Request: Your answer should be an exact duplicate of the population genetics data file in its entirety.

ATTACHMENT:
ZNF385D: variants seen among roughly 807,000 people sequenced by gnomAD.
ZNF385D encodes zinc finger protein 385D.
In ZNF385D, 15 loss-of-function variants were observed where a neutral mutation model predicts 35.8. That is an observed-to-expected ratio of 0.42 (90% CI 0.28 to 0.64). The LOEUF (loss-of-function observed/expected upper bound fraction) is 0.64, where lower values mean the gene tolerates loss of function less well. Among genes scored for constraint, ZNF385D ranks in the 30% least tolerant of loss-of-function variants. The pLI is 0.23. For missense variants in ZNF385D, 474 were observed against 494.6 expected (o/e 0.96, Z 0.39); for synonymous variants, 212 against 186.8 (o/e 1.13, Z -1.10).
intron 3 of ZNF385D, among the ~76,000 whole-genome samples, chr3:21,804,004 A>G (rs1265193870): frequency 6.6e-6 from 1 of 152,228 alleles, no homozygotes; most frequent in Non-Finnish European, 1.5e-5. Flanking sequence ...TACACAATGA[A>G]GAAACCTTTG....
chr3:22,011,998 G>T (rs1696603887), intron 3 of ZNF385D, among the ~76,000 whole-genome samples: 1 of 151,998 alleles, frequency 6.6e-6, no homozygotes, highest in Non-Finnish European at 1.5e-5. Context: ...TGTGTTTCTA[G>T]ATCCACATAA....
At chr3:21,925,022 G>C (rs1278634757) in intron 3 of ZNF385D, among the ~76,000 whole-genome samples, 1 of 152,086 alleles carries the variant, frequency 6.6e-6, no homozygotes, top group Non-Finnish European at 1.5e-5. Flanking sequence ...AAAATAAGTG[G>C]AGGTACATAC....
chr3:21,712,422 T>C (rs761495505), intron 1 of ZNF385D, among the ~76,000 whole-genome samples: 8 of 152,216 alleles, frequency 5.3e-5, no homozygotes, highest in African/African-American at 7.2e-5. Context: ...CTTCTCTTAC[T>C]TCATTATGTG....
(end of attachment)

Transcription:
ZNF385D: variants seen among roughly 807,000 people sequenced by gnomAD.
ZNF385D encodes zinc finger protein 385D.
In ZNF385D, 15 loss-of-function variants were observed where a neutral mutation model predicts 35.8. That is an observed-to-expected ratio of 0.42 (90% CI 0.28 to 0.64). The LOEUF (loss-of-function observed/expected upper bound fraction) is 0.64, where lower values mean the gene tolerates loss of function less well. Among genes scored for constraint, ZNF385D ranks in the 30% least tolerant of loss-of-function variants. The pLI is 0.23. For missense variants in ZNF385D, 474 were observed against 494.6 expected (o/e 0.96, Z 0.39); for synonymous variants, 212 against 186.8 (o/e 1.13, Z -1.10).
intron 3 of ZNF385D, among the ~76,000 whole-genome samples, chr3:21,804,004 A>G (rs1265193870): frequency 6.6e-6 from 1 of 152,228 alleles, no homozygotes; most frequent in Non-Finnish European, 1.5e-5. Flanking sequence ...TACACAATGA[A>G]GAAACCTTTG....
chr3:22,011,998 G>T (rs1696603887), intron 3 of ZNF385D, among the ~76,000 whole-genome samples: 1 of 151,998 alleles, frequency 6.6e-6, no homozygotes, highest in Non-Finnish European at 1.5e-5. Context: ...TGTGTTTCTA[G>T]ATCCACATAA....
At chr3:21,925,022 G>C (rs1278634757) in intron 3 of ZNF385D, among the ~76,000 whole-genome samples, 1 of 152,086 alleles carries the variant, frequency 6.6e-6, no homozygotes, top group Non-Finnish European at 1.5e-5. Flanking sequence ...AAAATAAGTG[G>C]AGGTACATAC....
chr3:21,712,422 T>C (rs761495505), intron 1 of ZNF385D, among the ~76,000 whole-genome samples: 8 of 152,216 alleles, frequency 5.3e-5, no homozygotes, highest in African/African-American at 7.2e-5. Context: ...CTTCTCTTAC[T>C]TCATTATGTG....